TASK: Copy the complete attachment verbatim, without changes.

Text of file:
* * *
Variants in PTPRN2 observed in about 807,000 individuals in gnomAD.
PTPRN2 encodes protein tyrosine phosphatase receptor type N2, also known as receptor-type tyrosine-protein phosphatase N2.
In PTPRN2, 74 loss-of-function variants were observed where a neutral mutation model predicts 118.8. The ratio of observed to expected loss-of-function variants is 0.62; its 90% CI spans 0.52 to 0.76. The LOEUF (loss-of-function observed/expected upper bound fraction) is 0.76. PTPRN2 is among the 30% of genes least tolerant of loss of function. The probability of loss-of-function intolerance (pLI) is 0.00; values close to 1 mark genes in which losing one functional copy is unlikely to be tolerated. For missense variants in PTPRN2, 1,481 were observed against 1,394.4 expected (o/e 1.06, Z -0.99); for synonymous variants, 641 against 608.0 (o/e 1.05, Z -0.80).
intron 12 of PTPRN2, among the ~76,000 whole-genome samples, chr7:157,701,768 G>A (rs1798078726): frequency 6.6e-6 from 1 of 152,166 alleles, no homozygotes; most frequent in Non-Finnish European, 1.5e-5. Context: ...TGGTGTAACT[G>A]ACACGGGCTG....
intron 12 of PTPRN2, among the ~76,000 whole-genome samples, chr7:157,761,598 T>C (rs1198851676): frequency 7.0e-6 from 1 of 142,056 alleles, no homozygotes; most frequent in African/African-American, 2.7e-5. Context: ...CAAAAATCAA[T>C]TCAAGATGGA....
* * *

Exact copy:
Variants in PTPRN2 observed in about 807,000 individuals in gnomAD.
PTPRN2 encodes protein tyrosine phosphatase receptor type N2, also known as receptor-type tyrosine-protein phosphatase N2.
In PTPRN2, 74 loss-of-function variants were observed where a neutral mutation model predicts 118.8. The ratio of observed to expected loss-of-function variants is 0.62; its 90% CI spans 0.52 to 0.76. The LOEUF (loss-of-function observed/expected upper bound fraction) is 0.76. PTPRN2 is among the 30% of genes least tolerant of loss of function. The probability of loss-of-function intolerance (pLI) is 0.00; values close to 1 mark genes in which losing one functional copy is unlikely to be tolerated. For missense variants in PTPRN2, 1,481 were observed against 1,394.4 expected (o/e 1.06, Z -0.99); for synonymous variants, 641 against 608.0 (o/e 1.05, Z -0.80).
intron 12 of PTPRN2, among the ~76,000 whole-genome samples, chr7:157,701,768 G>A (rs1798078726): frequency 6.6e-6 from 1 of 152,166 alleles, no homozygotes; most frequent in Non-Finnish European, 1.5e-5. Context: ...TGGTGTAACT[G>A]ACACGGGCTG....
intron 12 of PTPRN2, among the ~76,000 whole-genome samples, chr7:157,761,598 T>C (rs1198851676): frequency 7.0e-6 from 1 of 142,056 alleles, no homozygotes; most frequent in African/African-American, 2.7e-5. Context: ...CAAAAATCAA[T>C]TCAAGATGGA....